The door just mentioned now leads to the older portion of the east wing by an angled lobby, the outer wall of which is the buttress-like projection spoken of above. Here was the ‘pit,’ a long narrow cell covered with a pointed vault, in which there was a hatch ; in the gable is a large garderobe and on each side was a small window. The single room in the west wing on this floor was reached from the northwest corner of the western chamber, where there is a door leading into a small lobby with the service staircase on the left. It is ceiled with a very flat pointed barrel-vault and has a garderobe flue in the gable.


It is somewhat anomalous to find that to reach the first floor from the Hall it should have been necessary to return through the western chamber to one or other of the staircases on the west. That in the south-west tower, a turnpike, is wide, and the steps with their continuous chamfered corbels illustrate a Gothic form of construction. On the first-floor landing is the portcullis room, a little lobby with provision for the mechanism of portcullis and drawbridge and for a seat. Although certainty is no longer possible, there is some evidence to suggest that the first floor of the main block originally formed a single chamber of hall type, lit by the existing west window, by a similar window in the gable opposite and by small windows in the side walls, the fireplace being in the north wall. Subsequently it was divided into two by the insertion of a transverse partition, resting upon the partition wall similarly inserted on the floor beneath. The chamber thus formed at the western end is the smaller of the two and measures 21 by 22 feet. The two windows that remain were of considerable size to begin with, and the one to the front has been enlarged, while both were furnished with seats. In the centre of the partition is a fireplace of 16th century type with moulded capitals, shafts, and bases. The same wall contains a narrow straight staircase rising to the attic floor above the western part of the main block and possibly also to the lower parapet-walk. The chamber beyond the partition measures 37.75 by 22 feet, and has in the back wall a fireplace, in the jamb of which are the remains of a locker, while in its breast there has been a narrow window now built up. As has been stated in describing the exterior, the two small windows high above the floor are original, and have sloping breasts, but the others have been enlarged as is shown on (Fig. 437).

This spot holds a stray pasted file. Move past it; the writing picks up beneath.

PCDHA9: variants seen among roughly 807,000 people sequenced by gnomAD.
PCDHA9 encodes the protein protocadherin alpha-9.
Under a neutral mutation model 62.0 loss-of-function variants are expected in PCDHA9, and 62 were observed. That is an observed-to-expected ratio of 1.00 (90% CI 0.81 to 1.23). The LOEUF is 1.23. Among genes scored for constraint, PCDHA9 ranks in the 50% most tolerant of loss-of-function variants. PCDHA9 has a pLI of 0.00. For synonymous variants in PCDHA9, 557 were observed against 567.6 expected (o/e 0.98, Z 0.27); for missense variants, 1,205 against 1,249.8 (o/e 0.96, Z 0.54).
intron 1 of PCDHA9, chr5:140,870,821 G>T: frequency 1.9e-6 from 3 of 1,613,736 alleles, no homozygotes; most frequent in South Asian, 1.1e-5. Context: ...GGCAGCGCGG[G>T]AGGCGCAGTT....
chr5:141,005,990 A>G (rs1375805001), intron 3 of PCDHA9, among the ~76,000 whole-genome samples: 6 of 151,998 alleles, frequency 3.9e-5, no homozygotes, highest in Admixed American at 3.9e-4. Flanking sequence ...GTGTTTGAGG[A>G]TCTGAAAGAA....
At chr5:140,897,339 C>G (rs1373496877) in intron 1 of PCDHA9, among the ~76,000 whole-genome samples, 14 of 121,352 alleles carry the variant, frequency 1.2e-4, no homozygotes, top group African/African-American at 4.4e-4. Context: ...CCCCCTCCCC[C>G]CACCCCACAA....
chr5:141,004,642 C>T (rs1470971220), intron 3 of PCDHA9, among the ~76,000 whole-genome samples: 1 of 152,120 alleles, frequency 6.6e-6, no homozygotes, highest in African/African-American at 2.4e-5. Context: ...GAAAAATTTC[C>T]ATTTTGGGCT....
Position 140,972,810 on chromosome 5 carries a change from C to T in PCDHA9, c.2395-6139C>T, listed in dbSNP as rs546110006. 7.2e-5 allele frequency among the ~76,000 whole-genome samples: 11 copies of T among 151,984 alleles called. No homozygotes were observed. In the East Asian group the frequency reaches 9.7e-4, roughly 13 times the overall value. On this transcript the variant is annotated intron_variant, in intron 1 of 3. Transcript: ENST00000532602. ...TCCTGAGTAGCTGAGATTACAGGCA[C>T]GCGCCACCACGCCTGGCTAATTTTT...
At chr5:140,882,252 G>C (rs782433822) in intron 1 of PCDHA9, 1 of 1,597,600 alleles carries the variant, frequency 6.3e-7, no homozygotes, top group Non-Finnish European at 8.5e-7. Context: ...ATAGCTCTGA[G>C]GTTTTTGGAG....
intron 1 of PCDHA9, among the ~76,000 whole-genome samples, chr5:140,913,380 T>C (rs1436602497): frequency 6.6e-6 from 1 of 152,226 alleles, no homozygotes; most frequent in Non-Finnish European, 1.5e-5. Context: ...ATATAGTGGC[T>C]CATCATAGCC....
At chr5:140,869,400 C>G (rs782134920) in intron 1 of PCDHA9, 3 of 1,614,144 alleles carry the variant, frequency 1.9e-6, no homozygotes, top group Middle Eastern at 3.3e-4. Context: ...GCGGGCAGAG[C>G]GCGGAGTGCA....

At the north-east corner of the room there seems to have been a garderobe within a mural recess, but, when the east wing was added, the back of the recess was cut through to give admission to it. Still later, when the wing was raised in height, a new staircase became necessary and a turnpike was inserted here. Above this level the floors have disappeared so that the upper storeys are now inaccessible. The west wing is even more dilapidated.